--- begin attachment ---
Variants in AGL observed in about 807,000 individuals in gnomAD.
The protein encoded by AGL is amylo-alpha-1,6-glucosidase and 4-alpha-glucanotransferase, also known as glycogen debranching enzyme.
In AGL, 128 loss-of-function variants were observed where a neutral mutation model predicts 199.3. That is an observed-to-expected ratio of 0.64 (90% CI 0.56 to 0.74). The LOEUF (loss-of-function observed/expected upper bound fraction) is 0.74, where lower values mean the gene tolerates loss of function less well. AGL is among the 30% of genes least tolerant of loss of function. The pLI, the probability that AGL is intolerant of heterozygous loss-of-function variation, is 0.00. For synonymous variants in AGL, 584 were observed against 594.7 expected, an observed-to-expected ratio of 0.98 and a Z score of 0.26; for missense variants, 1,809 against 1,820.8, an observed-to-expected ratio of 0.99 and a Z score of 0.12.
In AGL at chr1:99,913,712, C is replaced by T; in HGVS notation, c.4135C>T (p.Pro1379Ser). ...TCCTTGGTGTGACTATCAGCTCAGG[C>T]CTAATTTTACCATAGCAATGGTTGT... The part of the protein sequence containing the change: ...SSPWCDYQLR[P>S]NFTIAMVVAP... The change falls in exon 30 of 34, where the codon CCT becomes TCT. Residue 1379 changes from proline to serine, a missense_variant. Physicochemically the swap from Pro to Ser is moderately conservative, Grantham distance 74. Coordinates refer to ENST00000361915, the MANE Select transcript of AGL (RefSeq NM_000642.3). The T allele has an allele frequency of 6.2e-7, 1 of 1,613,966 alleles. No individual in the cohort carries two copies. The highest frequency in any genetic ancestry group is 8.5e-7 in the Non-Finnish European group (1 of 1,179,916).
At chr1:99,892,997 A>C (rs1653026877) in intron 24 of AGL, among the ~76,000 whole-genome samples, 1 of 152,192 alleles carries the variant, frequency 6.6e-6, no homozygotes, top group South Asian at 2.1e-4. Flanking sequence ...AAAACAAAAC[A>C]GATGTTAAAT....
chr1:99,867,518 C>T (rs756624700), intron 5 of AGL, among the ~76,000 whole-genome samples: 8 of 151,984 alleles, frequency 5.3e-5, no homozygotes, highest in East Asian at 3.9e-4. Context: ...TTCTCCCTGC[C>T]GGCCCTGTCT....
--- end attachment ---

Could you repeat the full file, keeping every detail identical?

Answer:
Variants in AGL observed in about 807,000 individuals in gnomAD.
The protein encoded by AGL is amylo-alpha-1,6-glucosidase and 4-alpha-glucanotransferase, also known as glycogen debranching enzyme.
In AGL, 128 loss-of-function variants were observed where a neutral mutation model predicts 199.3. That is an observed-to-expected ratio of 0.64 (90% CI 0.56 to 0.74). The LOEUF (loss-of-function observed/expected upper bound fraction) is 0.74, where lower values mean the gene tolerates loss of function less well. AGL is among the 30% of genes least tolerant of loss of function. The pLI, the probability that AGL is intolerant of heterozygous loss-of-function variation, is 0.00. For synonymous variants in AGL, 584 were observed against 594.7 expected, an observed-to-expected ratio of 0.98 and a Z score of 0.26; for missense variants, 1,809 against 1,820.8, an observed-to-expected ratio of 0.99 and a Z score of 0.12.
In AGL at chr1:99,913,712, C is replaced by T; in HGVS notation, c.4135C>T (p.Pro1379Ser). ...TCCTTGGTGTGACTATCAGCTCAGG[C>T]CTAATTTTACCATAGCAATGGTTGT... The part of the protein sequence containing the change: ...SSPWCDYQLR[P>S]NFTIAMVVAP... The change falls in exon 30 of 34, where the codon CCT becomes TCT. Residue 1379 changes from proline to serine, a missense_variant. Physicochemically the swap from Pro to Ser is moderately conservative, Grantham distance 74. Coordinates refer to ENST00000361915, the MANE Select transcript of AGL (RefSeq NM_000642.3). The T allele has an allele frequency of 6.2e-7, 1 of 1,613,966 alleles. No individual in the cohort carries two copies. The highest frequency in any genetic ancestry group is 8.5e-7 in the Non-Finnish European group (1 of 1,179,916).
At chr1:99,892,997 A>C (rs1653026877) in intron 24 of AGL, among the ~76,000 whole-genome samples, 1 of 152,192 alleles carries the variant, frequency 6.6e-6, no homozygotes, top group South Asian at 2.1e-4. Flanking sequence ...AAAACAAAAC[A>C]GATGTTAAAT....
chr1:99,867,518 C>T (rs756624700), intron 5 of AGL, among the ~76,000 whole-genome samples: 8 of 151,984 alleles, frequency 5.3e-5, no homozygotes, highest in East Asian at 3.9e-4. Context: ...TTCTCCCTGC[C>T]GGCCCTGTCT....